Remembering Ingmar Bergman | EW.com

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Remembering Ingmar Bergman

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Bergman_lIt hardly needs to be said that Ingmar Bergman (pictured), who died today at 89, was one of the greatest filmmakers who ever lived, and yet I wonder if today’s audiences are familiar at all with his work, with pillars of world cinema like The Seventh Seal, Persona, and Cries and Whispers. Deserved or not, Bergman’s films have a reputation for being as chilly and forbidding as the stark Swedish landscapes where many of them were set. After all, for more than half a century, Bergman’s movies defined (at least for American audiences) the parameters of the European Art Film: unafraid to tackle the biggest philosophical questions (life, death, faith, man’s place in the universe) and equally unafraid to explore sex and the darkest corners of relationships. Fifty years ago, Bergman’s movies helped convince American audiences that European fare was smarter and sexier than anything Hollywood dared to make; today, his work still has the power to challenge viewers’ preconceptions by showing them the often unforgiving consequences of human behavior in extreme situations.

Still, even if you haven’t seen Bergman’s movies, his legacy is inescapable. Besides inventing the art-house film as we know it, he made huge international superstars of Max Von Sydow and Liv Ullmann; he enabled a generation of Scandinavian filmmakers — including Bille August, Lasse Hallstrom, and Lars Von Trier — to find worldwide success; and he influenced filmmakers all over the globe — especially Woody Allen, who often borrowed from Bergman his plots (for movies from A Midsummer Night’s Sex Comedy to Deconstructing Harry) and even his luminous cinematographer, Sven Nykvist. His influence was felt not just in the art-house, but even in the grindhouse; slasher-movie king Wes Craven launched his career by remaking Bergman’s The Virgin Spring as Last House on the Left. And of course, the influence extended to Broadway, where Bergman’s Smiles of a Summer Night became A Little Night Music and spawned Stephen Sondheim’s “Send in the Clowns.”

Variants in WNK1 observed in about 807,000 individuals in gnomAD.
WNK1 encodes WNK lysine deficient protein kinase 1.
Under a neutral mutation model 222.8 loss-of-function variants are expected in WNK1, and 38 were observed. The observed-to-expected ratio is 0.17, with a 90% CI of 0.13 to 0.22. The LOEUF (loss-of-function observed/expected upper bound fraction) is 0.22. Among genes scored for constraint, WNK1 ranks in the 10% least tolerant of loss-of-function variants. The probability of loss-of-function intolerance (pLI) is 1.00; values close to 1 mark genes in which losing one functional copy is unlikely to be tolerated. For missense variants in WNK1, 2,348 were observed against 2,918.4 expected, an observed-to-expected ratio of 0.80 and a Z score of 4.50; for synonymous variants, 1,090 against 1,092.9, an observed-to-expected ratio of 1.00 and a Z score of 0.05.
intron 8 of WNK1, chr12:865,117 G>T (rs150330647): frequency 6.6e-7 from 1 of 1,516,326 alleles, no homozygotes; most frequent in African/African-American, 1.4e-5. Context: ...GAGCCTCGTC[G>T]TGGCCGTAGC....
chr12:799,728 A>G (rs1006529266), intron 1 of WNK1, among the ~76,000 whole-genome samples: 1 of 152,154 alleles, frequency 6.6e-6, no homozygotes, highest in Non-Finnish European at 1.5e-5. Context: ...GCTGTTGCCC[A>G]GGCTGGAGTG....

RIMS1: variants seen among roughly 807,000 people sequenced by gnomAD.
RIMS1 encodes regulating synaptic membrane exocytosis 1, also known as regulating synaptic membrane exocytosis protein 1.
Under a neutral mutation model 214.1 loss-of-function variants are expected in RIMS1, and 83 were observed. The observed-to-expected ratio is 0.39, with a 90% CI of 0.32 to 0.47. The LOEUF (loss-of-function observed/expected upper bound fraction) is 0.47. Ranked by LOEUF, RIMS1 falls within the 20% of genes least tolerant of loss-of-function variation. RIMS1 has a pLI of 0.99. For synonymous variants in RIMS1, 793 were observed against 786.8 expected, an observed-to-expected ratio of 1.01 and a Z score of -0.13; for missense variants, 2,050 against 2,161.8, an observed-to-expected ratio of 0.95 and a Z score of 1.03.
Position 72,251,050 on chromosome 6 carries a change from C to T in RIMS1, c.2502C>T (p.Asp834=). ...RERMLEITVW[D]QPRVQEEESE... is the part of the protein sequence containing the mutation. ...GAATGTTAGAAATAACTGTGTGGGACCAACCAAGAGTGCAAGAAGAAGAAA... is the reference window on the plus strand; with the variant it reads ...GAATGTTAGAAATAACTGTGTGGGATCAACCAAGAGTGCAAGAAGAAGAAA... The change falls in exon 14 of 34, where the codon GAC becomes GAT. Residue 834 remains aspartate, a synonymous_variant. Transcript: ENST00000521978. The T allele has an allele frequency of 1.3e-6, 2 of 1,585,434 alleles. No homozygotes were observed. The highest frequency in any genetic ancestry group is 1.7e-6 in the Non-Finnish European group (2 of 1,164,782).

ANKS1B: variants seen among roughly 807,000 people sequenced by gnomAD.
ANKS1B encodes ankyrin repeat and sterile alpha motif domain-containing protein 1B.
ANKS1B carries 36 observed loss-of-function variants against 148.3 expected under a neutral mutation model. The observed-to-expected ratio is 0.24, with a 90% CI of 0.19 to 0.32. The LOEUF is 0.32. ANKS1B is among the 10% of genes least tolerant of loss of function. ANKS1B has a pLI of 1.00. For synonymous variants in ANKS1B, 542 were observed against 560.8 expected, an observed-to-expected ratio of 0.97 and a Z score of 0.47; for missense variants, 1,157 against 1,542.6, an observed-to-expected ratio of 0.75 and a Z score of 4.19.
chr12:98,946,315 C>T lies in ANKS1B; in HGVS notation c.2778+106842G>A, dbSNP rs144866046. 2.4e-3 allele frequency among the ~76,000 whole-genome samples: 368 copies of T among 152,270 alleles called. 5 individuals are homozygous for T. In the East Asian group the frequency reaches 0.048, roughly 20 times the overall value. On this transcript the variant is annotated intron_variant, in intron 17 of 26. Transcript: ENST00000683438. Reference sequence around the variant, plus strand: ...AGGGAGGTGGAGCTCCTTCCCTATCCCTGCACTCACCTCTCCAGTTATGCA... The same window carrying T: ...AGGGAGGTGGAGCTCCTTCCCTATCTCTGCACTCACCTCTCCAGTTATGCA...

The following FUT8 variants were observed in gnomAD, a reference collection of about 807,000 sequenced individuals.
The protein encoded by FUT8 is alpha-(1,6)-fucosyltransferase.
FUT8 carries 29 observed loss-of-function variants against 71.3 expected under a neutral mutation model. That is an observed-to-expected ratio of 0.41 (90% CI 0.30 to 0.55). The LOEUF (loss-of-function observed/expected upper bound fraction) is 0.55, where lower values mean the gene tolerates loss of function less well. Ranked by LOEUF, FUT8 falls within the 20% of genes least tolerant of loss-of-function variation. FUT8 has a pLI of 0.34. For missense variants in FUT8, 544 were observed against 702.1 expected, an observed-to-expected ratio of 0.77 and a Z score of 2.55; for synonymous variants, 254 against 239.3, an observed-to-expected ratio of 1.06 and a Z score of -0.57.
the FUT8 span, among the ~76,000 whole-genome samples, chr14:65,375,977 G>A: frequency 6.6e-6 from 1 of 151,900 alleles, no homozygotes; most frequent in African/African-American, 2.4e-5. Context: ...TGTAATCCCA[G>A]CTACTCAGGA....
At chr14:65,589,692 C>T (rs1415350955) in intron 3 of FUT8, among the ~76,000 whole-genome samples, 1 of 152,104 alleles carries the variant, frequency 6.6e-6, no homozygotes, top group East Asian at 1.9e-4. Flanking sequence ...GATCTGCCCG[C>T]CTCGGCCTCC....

After the jump: the Bergman films you must see, and more Bergmanalia on the Internet.

Don’t let Bergman’s grim and forbidding reputation keep you from seeing the movies of his that are cornerstones of world cinema. You’ll be rewarded with surprising humor and eroticism, along with some of the most sublime images ever committed to film. Smiles of a Summer Night (1955), a wise and gentle sexual farce, is still pretty delightful. Wild Strawberries (1957) is the archetypal film about looking back on a lifetime of memories. The Seventh Seal (1957), featuring the famous image of Death playing chess against a medieval knight (Von Sydow), is surprisingly jaunty and picaresque for an allegory about mortality set during the Black Plague. Persona (1966) is still shocking for its sexual candor and for its haunting and pioneering use of close-ups to explore the psychology of the two heroines’ shifting identities. Deathbed tale Cries and Whispers (1972) is as wrenching as it sounds, but it’s also unmissable. Same with Scenes From a Marriage (1973), the definitive film about marital strife. (Bergman revisited the couple 30 years later in the remarkable made-for-TV drama Saraband, his last project.) And finally, you should see Fanny and Alexander (1982), a lush and vibrant film about childhood that serves as a career summation and Bergman’s farewell to the big screen.

Clips from several of these movies are collected at the Guardian’s film blog. It’s also worth checking out Bergman’s official website. The New York Times has the best Bergman obituary I’ve yet read, as well as Woody Allen’s reminiscences of how much Bergman meant to him. Your own reminscences you may share below.